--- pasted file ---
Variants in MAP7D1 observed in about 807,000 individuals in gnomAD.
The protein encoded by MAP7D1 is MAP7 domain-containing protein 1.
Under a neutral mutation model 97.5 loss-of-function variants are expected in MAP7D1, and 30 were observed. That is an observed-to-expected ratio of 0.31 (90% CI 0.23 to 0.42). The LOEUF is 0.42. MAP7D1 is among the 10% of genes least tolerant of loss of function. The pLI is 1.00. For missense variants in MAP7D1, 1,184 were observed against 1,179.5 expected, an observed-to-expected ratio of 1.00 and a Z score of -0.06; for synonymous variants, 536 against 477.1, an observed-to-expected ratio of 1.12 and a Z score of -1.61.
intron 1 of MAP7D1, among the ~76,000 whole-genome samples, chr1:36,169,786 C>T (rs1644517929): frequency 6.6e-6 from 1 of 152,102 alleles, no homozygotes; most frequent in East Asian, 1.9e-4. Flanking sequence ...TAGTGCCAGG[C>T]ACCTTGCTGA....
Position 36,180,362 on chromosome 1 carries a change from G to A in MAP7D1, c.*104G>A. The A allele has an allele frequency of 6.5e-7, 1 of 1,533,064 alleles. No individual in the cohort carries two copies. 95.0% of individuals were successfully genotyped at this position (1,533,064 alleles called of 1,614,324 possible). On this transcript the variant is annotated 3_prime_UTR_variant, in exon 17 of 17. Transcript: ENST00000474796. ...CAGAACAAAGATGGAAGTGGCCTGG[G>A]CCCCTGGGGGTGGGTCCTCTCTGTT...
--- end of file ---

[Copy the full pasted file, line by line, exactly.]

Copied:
Variants in MAP7D1 observed in about 807,000 individuals in gnomAD.
The protein encoded by MAP7D1 is MAP7 domain-containing protein 1.
Under a neutral mutation model 97.5 loss-of-function variants are expected in MAP7D1, and 30 were observed. That is an observed-to-expected ratio of 0.31 (90% CI 0.23 to 0.42). The LOEUF is 0.42. MAP7D1 is among the 10% of genes least tolerant of loss of function. The pLI is 1.00. For missense variants in MAP7D1, 1,184 were observed against 1,179.5 expected, an observed-to-expected ratio of 1.00 and a Z score of -0.06; for synonymous variants, 536 against 477.1, an observed-to-expected ratio of 1.12 and a Z score of -1.61.
intron 1 of MAP7D1, among the ~76,000 whole-genome samples, chr1:36,169,786 C>T (rs1644517929): frequency 6.6e-6 from 1 of 152,102 alleles, no homozygotes; most frequent in East Asian, 1.9e-4. Flanking sequence ...TAGTGCCAGG[C>T]ACCTTGCTGA....
Position 36,180,362 on chromosome 1 carries a change from G to A in MAP7D1, c.*104G>A. The A allele has an allele frequency of 6.5e-7, 1 of 1,533,064 alleles. No individual in the cohort carries two copies. 95.0% of individuals were successfully genotyped at this position (1,533,064 alleles called of 1,614,324 possible). On this transcript the variant is annotated 3_prime_UTR_variant, in exon 17 of 17. Transcript: ENST00000474796. ...CAGAACAAAGATGGAAGTGGCCTGG[G>A]CCCCTGGGGGTGGGTCCTCTCTGTT...